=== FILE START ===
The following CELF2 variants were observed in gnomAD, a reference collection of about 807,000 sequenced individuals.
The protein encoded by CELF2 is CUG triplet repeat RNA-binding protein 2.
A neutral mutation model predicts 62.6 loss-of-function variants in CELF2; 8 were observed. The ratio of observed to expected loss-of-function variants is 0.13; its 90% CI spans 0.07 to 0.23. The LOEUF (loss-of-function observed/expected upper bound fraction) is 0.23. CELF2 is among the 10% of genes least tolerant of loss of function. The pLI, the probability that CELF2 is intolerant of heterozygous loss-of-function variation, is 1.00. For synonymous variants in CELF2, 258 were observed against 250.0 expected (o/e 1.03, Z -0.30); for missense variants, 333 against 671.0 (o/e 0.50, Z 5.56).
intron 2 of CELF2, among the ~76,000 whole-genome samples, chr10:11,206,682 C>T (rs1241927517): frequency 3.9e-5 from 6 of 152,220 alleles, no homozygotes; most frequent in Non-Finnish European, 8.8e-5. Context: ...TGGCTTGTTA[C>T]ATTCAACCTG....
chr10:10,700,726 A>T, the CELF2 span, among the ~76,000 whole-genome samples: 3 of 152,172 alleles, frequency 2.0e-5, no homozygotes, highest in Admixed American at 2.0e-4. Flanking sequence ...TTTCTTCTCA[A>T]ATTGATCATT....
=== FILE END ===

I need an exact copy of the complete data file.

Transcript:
The following CELF2 variants were observed in gnomAD, a reference collection of about 807,000 sequenced individuals.
The protein encoded by CELF2 is CUG triplet repeat RNA-binding protein 2.
A neutral mutation model predicts 62.6 loss-of-function variants in CELF2; 8 were observed. The ratio of observed to expected loss-of-function variants is 0.13; its 90% CI spans 0.07 to 0.23. The LOEUF (loss-of-function observed/expected upper bound fraction) is 0.23. CELF2 is among the 10% of genes least tolerant of loss of function. The pLI, the probability that CELF2 is intolerant of heterozygous loss-of-function variation, is 1.00. For synonymous variants in CELF2, 258 were observed against 250.0 expected (o/e 1.03, Z -0.30); for missense variants, 333 against 671.0 (o/e 0.50, Z 5.56).
intron 2 of CELF2, among the ~76,000 whole-genome samples, chr10:11,206,682 C>T (rs1241927517): frequency 3.9e-5 from 6 of 152,220 alleles, no homozygotes; most frequent in Non-Finnish European, 8.8e-5. Context: ...TGGCTTGTTA[C>T]ATTCAACCTG....
chr10:10,700,726 A>T, the CELF2 span, among the ~76,000 whole-genome samples: 3 of 152,172 alleles, frequency 2.0e-5, no homozygotes, highest in Admixed American at 2.0e-4. Flanking sequence ...TTTCTTCTCA[A>T]ATTGATCATT....